> Roman,
> Can you point to any specific article providing the concurrency 
> problem statement with a further proof using linearizability to reason 
> about solution.
>
> Thanks,
> DT
>
> On 11/26/2014 2:59 AM, Roman Elizarov wrote:
>>
>> Whether IRIW has any _/practical/_ uses is definitely subject to 
>> debate. However, there is no tractable way for formal reasoning about 
>> properties of large concurrent systems, but via linearizability. 
>> Linearizability is the only property that is both local and 
>> hierarchical. It lets you build more complex linearizable algorithms 
>> from simpler ones, having quite succinct and compelling proofs at 
>> each step.
>>
>> In other words, if you want to be able to construct a formal proof 
>> that your [large] concurrent system if correct, then you must have 
>> IRIW consistency. Do you need a formal proof of correctness? Maybe 
>> not. In many applications hand-waving is enough,  but there are many 
>> other applications where hand-waving does not count as a proof. It 
>> may be possible to construct formal correctness proofs for some very 
>> simple algorithms even on a system that does not provide IRIW, but 
>> this is beyond the state of the art of formal verification for 
>> anything sufficiently complex.
>>
>> /Roman
>>
>> *From:*David Holmes [mailto:davidcholmes at aapt.net.au]
>> *Sent:* Wednesday, November 26, 2014 11:54 AM
>> *To:* Roman Elizarov; Hans Boehm
>> *Cc:* concurrency-interest at cs.oswego.edu; core-libs-dev
>> *Subject:* RE: [concurrency-interest] RFR: 
>> 8065804:JEP171:Clarifications/corrections for fence intrinsics
>>
>> Can you expand on that please. All previous discussion of IRIW I have 
>> seen indicated that the property, while a consequence of existing JMM 
>> rules, had no practical use.
>>
>> Thanks,
>>
>> David
>>
>>     -----Original Message-----
>>     *From:* Roman Elizarov [mailto:elizarov at devexperts.com]
>>     *Sent:* Wednesday, 26 November 2014 6:49 PM
>>     *To:* dholmes at ieee.org <mailto:dholmes at ieee.org>; Hans Boehm
>>     *Cc:* concurrency-interest at cs.oswego.edu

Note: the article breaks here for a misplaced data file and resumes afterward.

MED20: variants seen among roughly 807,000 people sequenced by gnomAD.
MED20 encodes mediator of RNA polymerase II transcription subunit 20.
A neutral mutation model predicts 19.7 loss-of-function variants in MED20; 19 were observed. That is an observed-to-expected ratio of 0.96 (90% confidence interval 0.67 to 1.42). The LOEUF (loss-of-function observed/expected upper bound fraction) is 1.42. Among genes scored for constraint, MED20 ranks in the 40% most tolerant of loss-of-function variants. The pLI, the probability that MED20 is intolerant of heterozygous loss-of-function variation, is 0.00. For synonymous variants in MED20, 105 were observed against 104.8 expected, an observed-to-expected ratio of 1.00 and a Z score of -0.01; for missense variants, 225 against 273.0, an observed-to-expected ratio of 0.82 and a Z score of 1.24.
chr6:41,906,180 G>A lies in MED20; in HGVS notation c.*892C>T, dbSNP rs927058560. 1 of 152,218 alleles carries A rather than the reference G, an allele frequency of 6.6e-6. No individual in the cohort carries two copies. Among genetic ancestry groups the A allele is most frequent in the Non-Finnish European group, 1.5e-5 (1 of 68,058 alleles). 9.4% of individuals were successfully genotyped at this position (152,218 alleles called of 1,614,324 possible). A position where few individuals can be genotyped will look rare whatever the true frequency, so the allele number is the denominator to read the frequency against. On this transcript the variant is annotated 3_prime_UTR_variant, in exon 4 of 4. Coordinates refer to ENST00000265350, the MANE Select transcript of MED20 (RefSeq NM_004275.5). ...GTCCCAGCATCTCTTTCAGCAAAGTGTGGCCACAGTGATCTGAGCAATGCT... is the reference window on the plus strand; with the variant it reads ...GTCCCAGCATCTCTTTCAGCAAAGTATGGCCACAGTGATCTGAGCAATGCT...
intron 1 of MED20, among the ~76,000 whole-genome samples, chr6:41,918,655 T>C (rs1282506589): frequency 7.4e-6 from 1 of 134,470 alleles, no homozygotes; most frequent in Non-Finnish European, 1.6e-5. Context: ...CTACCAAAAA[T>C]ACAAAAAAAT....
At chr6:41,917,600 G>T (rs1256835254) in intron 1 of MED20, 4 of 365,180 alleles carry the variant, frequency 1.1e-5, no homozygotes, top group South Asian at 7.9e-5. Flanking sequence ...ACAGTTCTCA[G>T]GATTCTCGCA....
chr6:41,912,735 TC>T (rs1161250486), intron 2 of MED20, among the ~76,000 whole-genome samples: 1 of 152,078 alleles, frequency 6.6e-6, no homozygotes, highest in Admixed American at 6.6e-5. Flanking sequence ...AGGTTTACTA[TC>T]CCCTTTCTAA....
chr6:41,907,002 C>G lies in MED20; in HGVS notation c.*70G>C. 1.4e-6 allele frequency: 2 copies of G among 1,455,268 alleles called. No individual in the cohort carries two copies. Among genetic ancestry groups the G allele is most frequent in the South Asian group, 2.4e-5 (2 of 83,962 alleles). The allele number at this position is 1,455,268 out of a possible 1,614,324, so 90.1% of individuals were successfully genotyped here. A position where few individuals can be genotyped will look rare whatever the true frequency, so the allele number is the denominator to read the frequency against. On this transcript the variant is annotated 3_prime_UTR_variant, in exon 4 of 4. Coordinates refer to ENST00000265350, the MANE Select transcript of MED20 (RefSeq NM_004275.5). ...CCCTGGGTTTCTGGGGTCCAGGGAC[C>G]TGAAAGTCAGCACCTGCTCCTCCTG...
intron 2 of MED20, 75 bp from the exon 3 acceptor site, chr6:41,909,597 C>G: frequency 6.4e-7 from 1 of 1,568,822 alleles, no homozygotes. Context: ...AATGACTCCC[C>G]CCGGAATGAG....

>>     <mailto:concurrency-interest at cs.oswego.edu>; core-libs-dev
>>     *Subject:* RE: [concurrency-interest] RFR:
>>     8065804:JEP171:Clarifications/corrections for fence intrinsics
>>
>>     There is no conceivable way to kill IRIW consistency requirement
>>     while retaining ability to prove correctness of large software
>>     systems. If IRIW of volatile variables are not consistent, then
>>     volatile reads and writes are not linearizable, which breaks
>>     linearizabiliy of all higher-level primitives build on top of
>>     them and makes formal reasoning about behavior of concurrent
>>     systems practically impossible. There are many fields where this
>>     is not acceptable.
>>
>>     /Roman
>>
>>     *From:*concurrency-interest-bounces at cs.oswego.edu
>>     <mailto:concurrency-interest-bounces at cs.oswego.edu>
>>     [mailto:concurrency-interest-bounces at cs.oswego.edu] *On Behalf Of
>>     *David Holmes
>>     *Sent:* Wednesday, November 26, 2014 5:11 AM
>>     *To:* Hans Boehm
>>     *Cc:* concurrency-interest at cs.oswego.edu
>>     <mailto:concurrency-interest at cs.oswego.edu>; core-libs-dev
>>     *Subject:* Re: [concurrency-interest] RFR: 8065804:
>>     JEP171:Clarifications/corrections for fence intrinsics
>>
>>     Hi Hans,
>>
>>     Given IRIW is a thorn in everyone's side and has no known useful
>>     benefit, and can hopefully be killed off in the future, lets not
>>     get bogged down in IRIW. But none of what you say below relates
>>     to multi-copy-atomicity.
>>
>>     Cheers,
>>
>>     David
>>
>>         -----Original Message-----
>>         *From:* hjkhboehm at gmail.com
>>         <mailto:hjkhboehm at gmail.com>[mailto:hjkhboehm at gmail.com]*On
>>         Behalf Of *Hans Boehm
>>         *Sent:* Wednesday, 26 November 2014 12:04 PM
>>         *To:* dholmes at ieee.org <mailto:dholmes at ieee.org>
>>         *Cc:* Stephan Diestelhorst;
>>         concurrency-interest at cs.oswego.edu
>>         <mailto:concurrency-interest at cs.oswego.edu>; core-libs-dev
>>         *Subject:* Re: [concurrency-interest] RFR: 8065804:
>>         JEP171:Clarifications/corrections for fence intrinsics
>>
>>         To be concrete here, on Power, loads can normally be ordered
>>         by an address dependency or light-weight fence (lwsync).
>>         However, neither is enough to prevent the questionable
>>         outcome for IRIW, since it doesn't ensure that the stores in
>>         T1 and T2 will be made visible to other threads in a
>>         consistent order. That outcome can be prevented by using
>>         heavyweight fences (sync) instructions between the loads
>>         instead.  Peter Sewell's group concluded that to enforce
>>         correct volatile behavior on Power, you essentially need a a